April 7, 2012
Efforts by Western powers and Persian Gulf Arab states to topple the Syrian government and undermine Iran pose a serious threat to the security of Russia, Press TV reports.
“Unfortunately, what’s now occurring in Syria and even the threat to Iran by the Israelis is having a very serious effect on the Russians in terms of their own vital interests in the Middle East,” Michael Malouf, former Pentagon official from Washington, said in an interview with Press TV.
Malouf went on to say that Russia “has some major military assets in Syria itself that will probably come into play if the opposition continues the way it is right now in continuing to bombard unabated.”
On Thursday, Russian Foreign Minister Sergei Lavrov warned Western and Arab nations against arming foreign-backed opposition groups in Syria, saying that a heavily armed opposition won’t defeat the Syrian army.
This comes as several Persian Gulf Arab states and the United States pledged 100 million dollars to provide salaries and communications equipment for Syrian rebels fighting against the government.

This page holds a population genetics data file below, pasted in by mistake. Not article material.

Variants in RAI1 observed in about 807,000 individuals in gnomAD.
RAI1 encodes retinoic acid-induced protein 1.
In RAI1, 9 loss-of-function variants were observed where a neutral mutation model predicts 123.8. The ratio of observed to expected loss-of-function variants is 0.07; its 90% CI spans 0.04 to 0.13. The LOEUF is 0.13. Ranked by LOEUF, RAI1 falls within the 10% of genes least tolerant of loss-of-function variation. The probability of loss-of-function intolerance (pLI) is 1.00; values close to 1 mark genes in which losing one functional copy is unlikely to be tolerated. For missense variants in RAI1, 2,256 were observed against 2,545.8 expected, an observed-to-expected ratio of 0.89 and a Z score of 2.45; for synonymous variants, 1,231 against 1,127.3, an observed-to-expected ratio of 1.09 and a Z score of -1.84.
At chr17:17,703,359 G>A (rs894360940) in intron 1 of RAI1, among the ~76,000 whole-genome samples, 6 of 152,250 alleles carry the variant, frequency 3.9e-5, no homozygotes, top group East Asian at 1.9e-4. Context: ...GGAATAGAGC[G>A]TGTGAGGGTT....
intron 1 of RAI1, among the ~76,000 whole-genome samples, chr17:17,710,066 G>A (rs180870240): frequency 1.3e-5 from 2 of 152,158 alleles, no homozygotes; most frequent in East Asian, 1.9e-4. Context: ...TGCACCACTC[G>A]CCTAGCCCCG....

“When the opposition first started out they didn’t have very much in terms of arms; now they have very exotic weapons. Where did they get those weapons? They had to come from the outside. You had Saudi Arabia arming and providing that kind of assistance,” Malouf added.
However, Moscow has responded to Western encroachment by “moving more and more troops and modernizing their base in Armenia in anticipation of the whole crisis in the Middle East from Syria to Iran exploding.”
Saudi Arabia and Qatar also backed the idea of arming the opposition against Bashar Assad’s government.
“Not only the crisis in Syria, but in the larger geo-political and geo-strategic stand point this is also going to be the problem with respect to the potential threats that you’re hearing from not only the US, but from Israel in wanting to bomb Iran – It’s making Moscow increasingly uneasy in terms of the instability in the region,” Malouf concluded.
Russia is supporting a six-point peace initiative proposed by the joint UN and Arab League special envoy, Kofi Annan, who told the UN Security Council on Monday that Syrian President Bashar al-Assad has agreed on the April 10 deadline to put the plan to work.
Syrian President Bashar al-Assad said on March 6 that the Syrian people have “proven their capacity to defend the nation and to build a new Syria through their determination to pursue reforms along with the fight against foreign-backed terrorism.”
Moscow has also accused Washington of campaigning so-called democratic issues in Russia, including running a pro-democracy program which fueled protests that erupted after December’s parliamentary election in the country.